BEARING POWER or SOILS. It is scarcely necessary to say that soils vary greatly in their bearing power, ranging as they do from the condition of hardest rock, through all intermediate stages, to a soft or semi-liquid condition, as mud, silt, or marsh. The best method of determining the load which a specific soil will bear is by direct experiment (§ 654-55); but good judgment and experience, aided by a careful study of the nature of the soil—its compactness and the amount of water contained in it—will enable one to determine, with reasonable accuracy, its probable supporting power. The following data are given to assist in forming an estimate of the load which may safely be imposed upon different soils.
Table 58 contains the results of experiments made by the author, and shows conclusively that a unit of material has a much greater power of resistance when it forms a portion of a larger mass than when isolated in the manner customary in making experiments on crushing strength.
The ordinary "crushing strength" given in next to the last column of Table 58 was obtained by crushing cubes of the identical materials employed in the other experiments. The concentrated pressure was applied by means of a hardened steel die thirty-eight sixty-fourths of an inch in diameter (area = 0.277 sq. in.). All the tests were made between self-adjusting parallel plates. No cushions were used in either series of experiments; that is, the pressed sur faces were the same in both series. However, the block of limestone 7 inches thick (Experiments No. 8 and 13) is an exception in this respect. This block had been sawed out and was slightly hollow, and it was thought not to be worth while to dress it down to a plane. As predicted before making the test, the block split each time in the direction of the hollow. If the bed had been flat, the block would doubtless have shown a greater strength. The concentrated pressure was generally applied near the corner of a large block, and the distance from the center of the die to the edge of the block as given in the table is to the nearest edge. Frequently the block had a ragged edge, and therefore these distances are only approximate. The quantity in the last column—"Ratio"—is the unit crushing • load for concentrated pressures divided by the unit crushing load for uniform pressure.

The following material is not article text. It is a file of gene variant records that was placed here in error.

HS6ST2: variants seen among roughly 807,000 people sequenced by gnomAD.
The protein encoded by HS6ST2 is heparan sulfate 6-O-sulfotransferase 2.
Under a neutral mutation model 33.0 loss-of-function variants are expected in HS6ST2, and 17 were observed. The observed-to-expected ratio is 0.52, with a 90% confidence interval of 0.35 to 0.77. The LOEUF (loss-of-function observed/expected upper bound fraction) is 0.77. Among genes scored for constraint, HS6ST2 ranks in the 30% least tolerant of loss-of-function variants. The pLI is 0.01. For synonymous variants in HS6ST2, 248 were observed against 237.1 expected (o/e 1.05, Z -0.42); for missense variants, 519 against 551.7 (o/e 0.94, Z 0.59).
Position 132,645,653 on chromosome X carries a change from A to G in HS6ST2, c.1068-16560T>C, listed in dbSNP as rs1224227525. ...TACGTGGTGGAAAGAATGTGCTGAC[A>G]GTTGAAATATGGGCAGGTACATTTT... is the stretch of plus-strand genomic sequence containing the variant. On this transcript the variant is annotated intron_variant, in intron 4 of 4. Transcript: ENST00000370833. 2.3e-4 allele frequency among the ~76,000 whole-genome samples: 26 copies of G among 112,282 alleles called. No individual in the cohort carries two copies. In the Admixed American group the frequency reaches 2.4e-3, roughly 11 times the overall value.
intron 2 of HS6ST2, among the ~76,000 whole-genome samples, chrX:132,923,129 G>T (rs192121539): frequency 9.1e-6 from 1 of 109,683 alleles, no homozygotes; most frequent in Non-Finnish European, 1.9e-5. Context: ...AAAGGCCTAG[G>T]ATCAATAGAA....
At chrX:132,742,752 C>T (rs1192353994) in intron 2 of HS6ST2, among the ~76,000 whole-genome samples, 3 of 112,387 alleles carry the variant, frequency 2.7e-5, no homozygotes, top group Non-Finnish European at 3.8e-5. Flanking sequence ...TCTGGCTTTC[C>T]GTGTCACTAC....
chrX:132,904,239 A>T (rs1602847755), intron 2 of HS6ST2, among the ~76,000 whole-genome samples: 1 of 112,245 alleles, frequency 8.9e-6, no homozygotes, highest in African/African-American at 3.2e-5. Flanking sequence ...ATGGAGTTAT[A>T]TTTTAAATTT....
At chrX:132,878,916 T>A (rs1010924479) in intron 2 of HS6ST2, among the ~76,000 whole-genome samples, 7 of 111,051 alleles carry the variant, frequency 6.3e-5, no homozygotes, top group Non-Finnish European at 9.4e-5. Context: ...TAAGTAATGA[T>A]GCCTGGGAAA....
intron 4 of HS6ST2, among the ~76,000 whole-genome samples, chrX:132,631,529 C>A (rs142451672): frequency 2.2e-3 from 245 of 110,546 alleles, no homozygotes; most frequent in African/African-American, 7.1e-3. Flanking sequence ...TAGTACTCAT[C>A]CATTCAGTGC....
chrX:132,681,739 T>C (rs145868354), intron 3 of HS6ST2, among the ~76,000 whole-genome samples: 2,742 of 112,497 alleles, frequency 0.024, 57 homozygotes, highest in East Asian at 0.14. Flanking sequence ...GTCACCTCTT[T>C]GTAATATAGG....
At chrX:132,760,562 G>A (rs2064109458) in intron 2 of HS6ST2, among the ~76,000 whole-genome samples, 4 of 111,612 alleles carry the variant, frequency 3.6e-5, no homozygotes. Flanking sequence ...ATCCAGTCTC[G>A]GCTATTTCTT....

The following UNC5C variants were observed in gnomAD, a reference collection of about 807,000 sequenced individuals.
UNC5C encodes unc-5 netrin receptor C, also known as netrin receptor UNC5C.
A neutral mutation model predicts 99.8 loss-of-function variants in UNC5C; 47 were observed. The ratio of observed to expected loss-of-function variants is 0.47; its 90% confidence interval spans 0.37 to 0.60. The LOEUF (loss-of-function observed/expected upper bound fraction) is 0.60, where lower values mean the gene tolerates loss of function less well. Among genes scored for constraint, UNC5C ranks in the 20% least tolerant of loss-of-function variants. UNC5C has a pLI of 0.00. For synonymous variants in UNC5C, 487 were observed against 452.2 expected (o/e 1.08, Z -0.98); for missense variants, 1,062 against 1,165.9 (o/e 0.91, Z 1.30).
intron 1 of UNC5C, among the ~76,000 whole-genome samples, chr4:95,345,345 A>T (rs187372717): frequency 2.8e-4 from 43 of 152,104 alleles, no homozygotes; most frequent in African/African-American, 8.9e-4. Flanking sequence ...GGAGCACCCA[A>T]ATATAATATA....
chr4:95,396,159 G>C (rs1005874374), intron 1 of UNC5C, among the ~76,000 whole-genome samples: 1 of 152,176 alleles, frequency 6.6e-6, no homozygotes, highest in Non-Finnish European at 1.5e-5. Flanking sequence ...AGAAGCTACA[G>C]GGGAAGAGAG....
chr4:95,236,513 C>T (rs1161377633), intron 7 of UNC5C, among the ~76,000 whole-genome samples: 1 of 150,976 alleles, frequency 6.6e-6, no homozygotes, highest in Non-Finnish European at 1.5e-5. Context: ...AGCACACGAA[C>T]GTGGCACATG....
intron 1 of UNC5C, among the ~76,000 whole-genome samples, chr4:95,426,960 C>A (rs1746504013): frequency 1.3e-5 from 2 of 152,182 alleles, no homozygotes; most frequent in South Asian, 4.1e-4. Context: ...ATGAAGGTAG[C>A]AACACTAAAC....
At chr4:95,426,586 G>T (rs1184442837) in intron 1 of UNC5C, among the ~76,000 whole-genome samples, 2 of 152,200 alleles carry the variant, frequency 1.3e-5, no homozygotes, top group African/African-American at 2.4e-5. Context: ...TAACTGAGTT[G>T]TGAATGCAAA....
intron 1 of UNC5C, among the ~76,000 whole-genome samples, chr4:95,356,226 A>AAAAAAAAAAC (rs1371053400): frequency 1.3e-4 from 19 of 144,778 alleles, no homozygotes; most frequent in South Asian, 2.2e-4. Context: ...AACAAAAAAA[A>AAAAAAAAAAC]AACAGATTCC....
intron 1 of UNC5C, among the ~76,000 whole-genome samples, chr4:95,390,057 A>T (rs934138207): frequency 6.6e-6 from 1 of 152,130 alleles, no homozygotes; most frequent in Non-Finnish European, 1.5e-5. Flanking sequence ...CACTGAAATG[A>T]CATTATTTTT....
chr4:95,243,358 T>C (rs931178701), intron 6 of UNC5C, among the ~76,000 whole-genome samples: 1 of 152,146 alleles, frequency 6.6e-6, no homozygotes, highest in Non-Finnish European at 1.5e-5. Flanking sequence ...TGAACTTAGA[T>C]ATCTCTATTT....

The experiments are tabulated in an order intended to show that the strength under concentrated pressure varies (1) with the thick ness of the block and (2) with the distance between the die and the edge of the material being tested. It is clear that the strength increases very rapidly with both the thickness and the distance from the edge to the point where the pressure is applied. Therefore we conclude that the compressive strength of cubes of a stone gives little or no idea of the ultimate resistance of the same material when in thick and extensive layers in its native bed.